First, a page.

The company continues the fable of healing by explaining what inhaled therapeutics are: “a sub-area of respiratory drug delivery that refers to treatments that are breathed in orally, which can provide a faster bioavailability/delivery of care, faster onset of effect and/or superior safety profile compared to standard of care.” It also throws in one for “selfcare wellness,” which “includes botanical and other products, supplements, and over-the-counter solutions that enable consumers to take care of their physical, mental, and emotional well-being.” Take PMI’s products, the healthy choice; join the well-being revolution and get fit whilst you are at it!
In 2023, Olczak seemed to go even further in telling the Financial Times that PMI could satisfy the ESG (environmental, social, and governance) requirements modern investors are taking note of. The passport through the pearly gates and into an ESG designation is intended to come from such products as e-cigarettes which, while marketed as less toxic than the usual body polluters, nonetheless feeds the body with toxic chemicals.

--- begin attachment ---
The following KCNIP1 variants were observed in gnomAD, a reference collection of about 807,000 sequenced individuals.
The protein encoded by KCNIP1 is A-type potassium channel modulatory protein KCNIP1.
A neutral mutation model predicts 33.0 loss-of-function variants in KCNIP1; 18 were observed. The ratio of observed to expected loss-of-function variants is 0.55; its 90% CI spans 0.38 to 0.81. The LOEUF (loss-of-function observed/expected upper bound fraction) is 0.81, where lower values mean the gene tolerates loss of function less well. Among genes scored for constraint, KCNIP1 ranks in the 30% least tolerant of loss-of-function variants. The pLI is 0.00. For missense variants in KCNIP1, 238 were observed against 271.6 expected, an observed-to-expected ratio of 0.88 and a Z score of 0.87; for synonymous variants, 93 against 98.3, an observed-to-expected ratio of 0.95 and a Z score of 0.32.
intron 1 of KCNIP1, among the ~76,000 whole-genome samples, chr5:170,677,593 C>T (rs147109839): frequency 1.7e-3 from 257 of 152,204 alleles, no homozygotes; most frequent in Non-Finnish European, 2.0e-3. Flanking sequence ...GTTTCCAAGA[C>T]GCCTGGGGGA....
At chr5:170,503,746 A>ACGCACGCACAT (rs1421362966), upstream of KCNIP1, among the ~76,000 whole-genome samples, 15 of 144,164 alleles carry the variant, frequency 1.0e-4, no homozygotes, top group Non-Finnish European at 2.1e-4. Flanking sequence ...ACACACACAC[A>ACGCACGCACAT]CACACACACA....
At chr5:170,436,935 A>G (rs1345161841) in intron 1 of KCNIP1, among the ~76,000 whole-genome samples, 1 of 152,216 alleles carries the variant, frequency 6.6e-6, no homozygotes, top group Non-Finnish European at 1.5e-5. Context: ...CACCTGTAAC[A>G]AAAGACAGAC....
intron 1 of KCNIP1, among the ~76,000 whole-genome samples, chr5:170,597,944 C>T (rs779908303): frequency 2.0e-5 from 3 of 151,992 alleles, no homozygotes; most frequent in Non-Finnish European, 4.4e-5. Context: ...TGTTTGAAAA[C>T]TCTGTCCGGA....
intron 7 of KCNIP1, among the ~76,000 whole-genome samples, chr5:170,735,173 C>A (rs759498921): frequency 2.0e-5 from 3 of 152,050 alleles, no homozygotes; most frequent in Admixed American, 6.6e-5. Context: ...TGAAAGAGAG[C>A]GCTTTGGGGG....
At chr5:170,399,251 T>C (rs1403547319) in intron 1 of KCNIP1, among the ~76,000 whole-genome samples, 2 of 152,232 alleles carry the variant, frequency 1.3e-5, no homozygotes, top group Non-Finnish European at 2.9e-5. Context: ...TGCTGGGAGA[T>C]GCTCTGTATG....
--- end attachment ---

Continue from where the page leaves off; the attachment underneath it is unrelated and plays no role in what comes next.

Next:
Students of history will notice a pattern here: the use of cigarettes previously marketed as a sexy statement of choice and freedom; the doctor, equipped with cooked results and a smile of sweet approval at the next convert to nicotine’s church.
Little wonder that a number of those in the medical fraternity felt a sense of dread at PMI’s efforts. Here was history repeating itself with hidden menace. “We are deeply concerned that Philip Morris International will use the inhalation services technologies developed by Vectura to make their tobacco products more addictive,” declared the presidents of both the American Lung Association and the American Thoracic Society in a joint statement.
There are very good reasons to doubt the whole enterprise. When the head of one of the world’s tobacco behemoths actually encourages smoking bans and claims that “cigarettes belong in museums,” something rotten and rather smelly is afoot. It might even be the smell of language burning.